Have you ever been in an airport which offers fun and original activities to passengers? Share your experience with us on Twitter by tagging us
@AssistAmerica and using the hashtag #AirportFun


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Summer Travel: Beat the Most Common Summer Hazards




The summer days are finally upon us: kids will be out of school, work should be slowing down, and the weather will get significantly warmer! As people start to enjoy the outdoors and more adventurous activities, hospitals and urgent care facilities are bracing themselves for the summer, also called by the healthcare industry the “trauma season.” Emergency rooms usually see the number of injuries and trauma double compared to the winter months. The most common causes of injuries during the summer include car accidents, severe sunburn, water-sports, dehydration, heat exhaustion, and falls.
 
Although, everyone should enjoy their summer vacation to the fullest, it is easy to minimize the risks of summer hazards by following preventive tips which will keep you and your family safe and healthy:
 
To avoid dehydration, drink plenty of water or beverages high in electrolytes. Avoid excessive consumption of alcohol and caffeine, as both are considered to be diuretics. Eat fruits and vegetables which contain a lot of water such as grapefruits, peaches, eggplants and spinach.
To avoid sunburn, apply sunscreen containing appropriate level of SPF. Stay in the shade during peak hours (11 a.m. to 4 p.m.), cover your skin and wear a hat if you are exposed. Keep children in the shade as much as possible.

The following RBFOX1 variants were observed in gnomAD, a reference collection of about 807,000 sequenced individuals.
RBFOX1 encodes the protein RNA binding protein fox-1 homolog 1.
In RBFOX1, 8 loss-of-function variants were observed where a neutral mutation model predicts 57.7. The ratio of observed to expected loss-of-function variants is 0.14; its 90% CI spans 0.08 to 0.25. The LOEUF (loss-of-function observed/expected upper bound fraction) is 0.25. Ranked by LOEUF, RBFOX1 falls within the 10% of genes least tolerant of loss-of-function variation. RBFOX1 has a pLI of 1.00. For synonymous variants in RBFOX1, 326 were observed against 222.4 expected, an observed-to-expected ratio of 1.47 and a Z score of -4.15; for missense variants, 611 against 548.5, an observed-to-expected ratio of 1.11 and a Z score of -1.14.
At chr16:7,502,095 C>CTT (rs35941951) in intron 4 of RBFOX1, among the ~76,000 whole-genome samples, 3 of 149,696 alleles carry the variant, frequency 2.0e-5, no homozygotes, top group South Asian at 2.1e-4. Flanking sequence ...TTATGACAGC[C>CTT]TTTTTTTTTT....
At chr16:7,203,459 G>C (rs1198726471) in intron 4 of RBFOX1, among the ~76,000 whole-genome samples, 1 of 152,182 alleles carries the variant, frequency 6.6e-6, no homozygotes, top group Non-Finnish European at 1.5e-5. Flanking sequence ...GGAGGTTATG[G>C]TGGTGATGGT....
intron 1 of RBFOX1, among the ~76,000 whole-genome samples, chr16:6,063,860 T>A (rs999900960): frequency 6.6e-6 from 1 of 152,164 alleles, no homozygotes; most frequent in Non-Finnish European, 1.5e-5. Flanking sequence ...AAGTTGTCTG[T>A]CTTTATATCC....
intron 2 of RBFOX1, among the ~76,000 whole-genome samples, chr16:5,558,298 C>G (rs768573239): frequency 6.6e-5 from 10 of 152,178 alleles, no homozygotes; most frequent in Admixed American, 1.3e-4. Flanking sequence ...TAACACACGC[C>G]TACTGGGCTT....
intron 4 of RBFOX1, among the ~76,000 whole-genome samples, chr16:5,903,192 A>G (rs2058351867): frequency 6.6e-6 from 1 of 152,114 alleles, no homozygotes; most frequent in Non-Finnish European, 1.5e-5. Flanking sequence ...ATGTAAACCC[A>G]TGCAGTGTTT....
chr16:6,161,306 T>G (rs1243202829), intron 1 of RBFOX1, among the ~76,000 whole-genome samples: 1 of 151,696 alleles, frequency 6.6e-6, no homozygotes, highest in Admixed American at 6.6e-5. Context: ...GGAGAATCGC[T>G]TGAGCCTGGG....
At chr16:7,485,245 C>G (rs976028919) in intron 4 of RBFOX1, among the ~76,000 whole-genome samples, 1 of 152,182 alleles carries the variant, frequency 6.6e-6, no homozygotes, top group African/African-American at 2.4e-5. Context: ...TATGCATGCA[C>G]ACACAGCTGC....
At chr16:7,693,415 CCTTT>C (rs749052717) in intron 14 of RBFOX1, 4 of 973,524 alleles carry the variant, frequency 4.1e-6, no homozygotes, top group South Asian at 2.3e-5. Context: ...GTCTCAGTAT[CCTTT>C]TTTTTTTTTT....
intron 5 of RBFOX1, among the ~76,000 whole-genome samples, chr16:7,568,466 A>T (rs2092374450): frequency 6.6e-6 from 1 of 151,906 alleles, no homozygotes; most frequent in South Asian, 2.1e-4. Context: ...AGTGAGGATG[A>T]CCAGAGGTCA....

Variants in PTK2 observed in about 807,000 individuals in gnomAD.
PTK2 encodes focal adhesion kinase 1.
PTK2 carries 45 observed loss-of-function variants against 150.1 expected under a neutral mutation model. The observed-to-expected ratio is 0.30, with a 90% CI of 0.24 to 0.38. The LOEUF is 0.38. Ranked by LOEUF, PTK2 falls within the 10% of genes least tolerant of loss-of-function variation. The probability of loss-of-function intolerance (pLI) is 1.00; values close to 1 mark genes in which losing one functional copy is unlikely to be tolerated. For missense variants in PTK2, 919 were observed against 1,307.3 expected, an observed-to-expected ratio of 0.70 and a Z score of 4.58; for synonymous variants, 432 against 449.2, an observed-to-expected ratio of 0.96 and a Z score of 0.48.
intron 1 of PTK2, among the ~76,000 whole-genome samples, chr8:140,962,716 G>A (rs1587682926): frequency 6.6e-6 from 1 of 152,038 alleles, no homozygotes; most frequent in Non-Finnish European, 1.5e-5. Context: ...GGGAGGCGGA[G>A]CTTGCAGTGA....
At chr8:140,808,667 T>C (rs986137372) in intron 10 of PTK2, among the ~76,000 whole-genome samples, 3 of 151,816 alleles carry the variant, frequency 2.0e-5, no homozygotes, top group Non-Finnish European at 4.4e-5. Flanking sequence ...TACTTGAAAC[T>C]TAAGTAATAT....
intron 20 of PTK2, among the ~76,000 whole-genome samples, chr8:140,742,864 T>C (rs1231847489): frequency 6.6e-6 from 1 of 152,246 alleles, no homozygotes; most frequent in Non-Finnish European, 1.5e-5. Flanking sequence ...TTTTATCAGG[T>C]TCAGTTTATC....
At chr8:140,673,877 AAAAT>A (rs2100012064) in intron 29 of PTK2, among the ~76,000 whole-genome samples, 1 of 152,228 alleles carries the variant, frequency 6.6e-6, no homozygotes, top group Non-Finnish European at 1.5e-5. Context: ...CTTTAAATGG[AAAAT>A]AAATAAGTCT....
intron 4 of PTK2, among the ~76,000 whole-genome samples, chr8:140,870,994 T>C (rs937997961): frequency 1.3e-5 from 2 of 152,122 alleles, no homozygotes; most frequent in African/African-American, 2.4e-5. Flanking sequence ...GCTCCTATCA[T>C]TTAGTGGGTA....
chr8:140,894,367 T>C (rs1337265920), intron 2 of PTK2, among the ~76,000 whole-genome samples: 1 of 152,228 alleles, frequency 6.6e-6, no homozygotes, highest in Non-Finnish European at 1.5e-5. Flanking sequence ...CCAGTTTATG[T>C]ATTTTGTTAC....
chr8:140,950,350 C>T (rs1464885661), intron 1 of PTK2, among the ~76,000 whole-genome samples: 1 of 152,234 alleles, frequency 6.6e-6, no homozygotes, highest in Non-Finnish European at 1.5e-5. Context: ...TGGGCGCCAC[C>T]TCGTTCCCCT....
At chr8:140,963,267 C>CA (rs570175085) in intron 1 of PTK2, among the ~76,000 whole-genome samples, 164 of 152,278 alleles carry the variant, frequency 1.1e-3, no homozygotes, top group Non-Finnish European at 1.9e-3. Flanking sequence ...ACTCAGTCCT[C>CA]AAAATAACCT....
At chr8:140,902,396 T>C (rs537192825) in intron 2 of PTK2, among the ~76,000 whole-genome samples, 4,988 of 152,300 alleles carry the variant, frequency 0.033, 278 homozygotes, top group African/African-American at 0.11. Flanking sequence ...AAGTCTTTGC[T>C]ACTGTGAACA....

To avoid heat exhaustion and heatstroke, do not engage in physical activities during the hottest hours of the day. Get acclimated to the hot weather by slowly increasing the amount of time you spend outside. Again, hydrate as often as possible.  
To avoid water-related injuries, always be with someone else when engaging in water sports and follow the lifeguard’s instructions. Get acclimated to the difference of temperature between outside and in the water. Do not consume alcoholic beverages prior to water activities.
To minimize the risks of car accidents, make sure all car maintenance is done before departure. Allow plenty of time to arrive at your destination and drive during off-peak hours. Stop every 100 miles or 2 hours and if possible, take turns with a passenger. 

Sometimes, even for the most careful traveler, accidents, illness and injuries cannot be avoided. If you find yourself injured or sick, remember that Assist America is here to help. Simply give us a call at +1 (609) 921-0868 (international) or +1 (800) 304-4585 (U.S. only) and have your reference number ready. 

You can also download our FREE Assist America Mobile App from which you can access your membership details, ID card, list of our services and call our medical coordinators from the tap of a button. Click below to download the app:

Iphone Store
Google Store 

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Regional Information

For the latest, up-to-date information regarding key regions, click on the links below:

Africa

 

East Asia

 

Europe

 

Near East

 

South Asia

 

Western Hemisphere

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For more information, contact Assist America at the number on your membership card, or via e-mail at services@assistamerica.com.
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Other sources:

http://www.itb-berlin.de/media/itb/itb_dl_all/itb_presse_all/World_Travel_Trends_Report_2016_2017.pdf

https://www.cdc.gov/niosh/topics/outdoor/mosquito-borne/default.html

Interested in learning more about Assist America? Please visit us at www.assistamerica.com. Tell a fellow traveler about the newsletter and show them how to subscribe online! Interested in having your organization becoming a member of Assist America? Please e-mail us at sales@assistamerica.com.
The content of this edition of AssistAlert is for informational purposes only and is not intended to replace further investigation or personal observations. If you are planning travel, or are traveling in or proximate to the locations identified in this newsletter, you are encouraged to contact SecurAssist for additional information.